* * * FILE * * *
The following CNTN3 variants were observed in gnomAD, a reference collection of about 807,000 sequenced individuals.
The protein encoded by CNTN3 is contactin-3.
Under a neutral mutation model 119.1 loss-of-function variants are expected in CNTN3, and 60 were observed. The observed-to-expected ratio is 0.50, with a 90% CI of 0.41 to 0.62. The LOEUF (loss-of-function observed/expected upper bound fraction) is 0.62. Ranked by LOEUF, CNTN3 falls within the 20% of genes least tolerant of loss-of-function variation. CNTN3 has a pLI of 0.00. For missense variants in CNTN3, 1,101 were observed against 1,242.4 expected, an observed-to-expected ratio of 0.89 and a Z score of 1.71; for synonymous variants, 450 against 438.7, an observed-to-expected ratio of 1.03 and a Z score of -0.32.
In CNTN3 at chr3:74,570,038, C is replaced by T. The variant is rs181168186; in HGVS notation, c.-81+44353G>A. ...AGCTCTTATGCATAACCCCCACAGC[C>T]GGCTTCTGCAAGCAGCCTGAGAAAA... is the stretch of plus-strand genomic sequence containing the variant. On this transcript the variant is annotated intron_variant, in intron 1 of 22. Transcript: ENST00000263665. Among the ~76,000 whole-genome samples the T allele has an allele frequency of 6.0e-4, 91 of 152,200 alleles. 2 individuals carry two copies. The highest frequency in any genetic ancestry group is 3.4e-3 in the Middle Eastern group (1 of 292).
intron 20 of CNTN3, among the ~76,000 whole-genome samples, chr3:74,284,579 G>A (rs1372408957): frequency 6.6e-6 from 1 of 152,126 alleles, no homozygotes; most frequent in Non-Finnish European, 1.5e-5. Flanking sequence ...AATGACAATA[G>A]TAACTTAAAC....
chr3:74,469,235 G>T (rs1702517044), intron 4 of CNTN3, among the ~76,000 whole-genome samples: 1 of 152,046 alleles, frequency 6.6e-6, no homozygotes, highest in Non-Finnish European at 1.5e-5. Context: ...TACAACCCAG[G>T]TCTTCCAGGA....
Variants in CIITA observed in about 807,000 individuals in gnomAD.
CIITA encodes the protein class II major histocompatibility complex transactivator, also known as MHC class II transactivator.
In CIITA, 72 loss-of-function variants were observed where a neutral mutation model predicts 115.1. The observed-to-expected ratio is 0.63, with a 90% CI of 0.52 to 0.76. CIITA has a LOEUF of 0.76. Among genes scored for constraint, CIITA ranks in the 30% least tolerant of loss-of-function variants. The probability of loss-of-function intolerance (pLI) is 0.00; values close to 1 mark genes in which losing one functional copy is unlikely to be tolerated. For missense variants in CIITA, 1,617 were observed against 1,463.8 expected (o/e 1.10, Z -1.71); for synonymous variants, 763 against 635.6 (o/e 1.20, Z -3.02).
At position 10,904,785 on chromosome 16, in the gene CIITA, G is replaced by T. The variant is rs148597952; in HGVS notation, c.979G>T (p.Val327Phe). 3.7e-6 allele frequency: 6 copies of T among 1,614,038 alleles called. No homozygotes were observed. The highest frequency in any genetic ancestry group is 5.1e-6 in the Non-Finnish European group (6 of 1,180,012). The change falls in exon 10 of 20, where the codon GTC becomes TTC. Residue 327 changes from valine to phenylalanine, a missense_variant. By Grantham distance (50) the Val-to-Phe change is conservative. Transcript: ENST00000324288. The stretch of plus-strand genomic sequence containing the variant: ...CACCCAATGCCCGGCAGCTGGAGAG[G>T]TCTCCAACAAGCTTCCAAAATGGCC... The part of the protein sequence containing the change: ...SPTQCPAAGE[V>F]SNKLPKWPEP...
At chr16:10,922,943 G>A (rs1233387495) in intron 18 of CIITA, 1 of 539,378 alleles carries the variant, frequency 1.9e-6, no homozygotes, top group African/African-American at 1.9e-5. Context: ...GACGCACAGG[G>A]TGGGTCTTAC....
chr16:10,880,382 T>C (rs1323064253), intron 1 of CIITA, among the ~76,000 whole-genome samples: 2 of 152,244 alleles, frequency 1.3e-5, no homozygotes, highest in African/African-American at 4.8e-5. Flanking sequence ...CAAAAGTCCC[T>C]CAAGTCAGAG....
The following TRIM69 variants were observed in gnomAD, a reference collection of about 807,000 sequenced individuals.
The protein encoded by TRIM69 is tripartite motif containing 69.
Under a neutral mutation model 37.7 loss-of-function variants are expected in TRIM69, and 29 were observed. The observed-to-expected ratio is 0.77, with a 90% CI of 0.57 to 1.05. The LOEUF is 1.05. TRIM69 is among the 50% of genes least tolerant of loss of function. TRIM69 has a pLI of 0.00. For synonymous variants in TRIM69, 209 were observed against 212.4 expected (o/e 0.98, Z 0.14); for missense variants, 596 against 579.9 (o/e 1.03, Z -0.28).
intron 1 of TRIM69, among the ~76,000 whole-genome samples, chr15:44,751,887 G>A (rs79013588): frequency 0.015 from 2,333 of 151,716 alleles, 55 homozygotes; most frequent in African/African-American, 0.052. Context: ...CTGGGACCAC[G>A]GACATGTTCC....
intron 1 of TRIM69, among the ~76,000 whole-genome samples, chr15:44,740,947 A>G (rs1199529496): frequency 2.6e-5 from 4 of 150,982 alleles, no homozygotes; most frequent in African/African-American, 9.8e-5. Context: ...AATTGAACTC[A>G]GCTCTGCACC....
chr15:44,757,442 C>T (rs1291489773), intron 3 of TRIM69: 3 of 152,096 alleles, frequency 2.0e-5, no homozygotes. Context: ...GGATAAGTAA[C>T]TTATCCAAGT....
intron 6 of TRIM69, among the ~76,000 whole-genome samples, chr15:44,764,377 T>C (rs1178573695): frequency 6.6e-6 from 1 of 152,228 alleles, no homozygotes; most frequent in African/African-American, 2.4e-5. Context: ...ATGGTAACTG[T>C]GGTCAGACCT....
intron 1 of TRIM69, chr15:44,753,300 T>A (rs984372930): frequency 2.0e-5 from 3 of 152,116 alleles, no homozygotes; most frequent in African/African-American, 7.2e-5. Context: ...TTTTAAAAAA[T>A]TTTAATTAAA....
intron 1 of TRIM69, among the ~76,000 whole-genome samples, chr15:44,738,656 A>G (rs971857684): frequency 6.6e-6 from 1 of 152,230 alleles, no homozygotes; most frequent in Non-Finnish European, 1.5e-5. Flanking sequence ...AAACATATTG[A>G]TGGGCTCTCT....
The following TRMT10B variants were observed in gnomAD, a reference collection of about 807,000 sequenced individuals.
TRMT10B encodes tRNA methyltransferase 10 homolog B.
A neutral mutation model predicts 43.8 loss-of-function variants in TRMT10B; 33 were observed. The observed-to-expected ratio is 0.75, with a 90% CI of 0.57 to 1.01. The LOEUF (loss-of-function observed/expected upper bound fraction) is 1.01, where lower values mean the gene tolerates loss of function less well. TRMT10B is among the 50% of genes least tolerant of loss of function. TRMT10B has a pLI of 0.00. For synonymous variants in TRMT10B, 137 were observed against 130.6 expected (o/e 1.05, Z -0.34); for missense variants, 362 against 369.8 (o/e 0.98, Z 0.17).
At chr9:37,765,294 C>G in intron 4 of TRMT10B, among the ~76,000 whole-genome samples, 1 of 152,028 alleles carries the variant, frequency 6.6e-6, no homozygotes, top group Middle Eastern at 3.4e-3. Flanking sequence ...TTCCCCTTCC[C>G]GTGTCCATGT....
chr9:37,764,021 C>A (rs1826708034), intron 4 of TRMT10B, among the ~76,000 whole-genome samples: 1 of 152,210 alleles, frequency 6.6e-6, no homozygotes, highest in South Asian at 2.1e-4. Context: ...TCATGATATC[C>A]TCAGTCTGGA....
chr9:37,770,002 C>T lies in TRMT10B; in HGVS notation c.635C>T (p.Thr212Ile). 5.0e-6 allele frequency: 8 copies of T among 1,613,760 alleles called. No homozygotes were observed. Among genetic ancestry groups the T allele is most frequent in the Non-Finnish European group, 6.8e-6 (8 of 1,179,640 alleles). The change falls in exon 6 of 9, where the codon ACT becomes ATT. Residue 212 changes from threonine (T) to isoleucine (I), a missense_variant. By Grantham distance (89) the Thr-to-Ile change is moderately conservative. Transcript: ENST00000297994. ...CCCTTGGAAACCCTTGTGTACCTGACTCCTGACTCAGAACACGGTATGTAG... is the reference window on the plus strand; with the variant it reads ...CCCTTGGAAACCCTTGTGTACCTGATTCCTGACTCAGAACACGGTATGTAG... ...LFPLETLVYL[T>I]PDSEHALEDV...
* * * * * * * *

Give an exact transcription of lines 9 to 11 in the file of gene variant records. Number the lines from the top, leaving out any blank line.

In CIITA, 72 loss-of-function variants were observed where a neutral mutation model predicts 115.1. The observed-to-expected ratio is 0.63, with a 90% CI of 0.52 to 0.76. CIITA has a LOEUF of 0.76. Among genes scored for constraint, CIITA ranks in the 30% least tolerant of loss-of-function variants. The probability of loss-of-function intolerance (pLI) is 0.00; values close to 1 mark genes in which losing one functional copy is unlikely to be tolerated. For missense variants in CIITA, 1,617 were observed against 1,463.8 expected (o/e 1.10, Z -1.71); for synonymous variants, 763 against 635.6 (o/e 1.20, Z -3.02).
At position 10,904,785 on chromosome 16, in the gene CIITA, G is replaced by T. The variant is rs148597952; in HGVS notation, c.979G>T (p.Val327Phe). 3.7e-6 allele frequency: 6 copies of T among 1,614,038 alleles called. No homozygotes were observed. The highest frequency in any genetic ancestry group is 5.1e-6 in the Non-Finnish European group (6 of 1,180,012). The change falls in exon 10 of 20, where the codon GTC becomes TTC. Residue 327 changes from valine to phenylalanine, a missense_variant. By Grantham distance (50) the Val-to-Phe change is conservative. Transcript: ENST00000324288. The stretch of plus-strand genomic sequence containing the variant: ...CACCCAATGCCCGGCAGCTGGAGAG[G>T]TCTCCAACAAGCTTCCAAAATGGCC... The part of the protein sequence containing the change: ...SPTQCPAAGE[V>F]SNKLPKWPEP...
At chr16:10,922,943 G>A (rs1233387495) in intron 18 of CIITA, 1 of 539,378 alleles carries the variant, frequency 1.9e-6, no homozygotes, top group African/African-American at 1.9e-5. Context: ...GACGCACAGG[G>A]TGGGTCTTAC....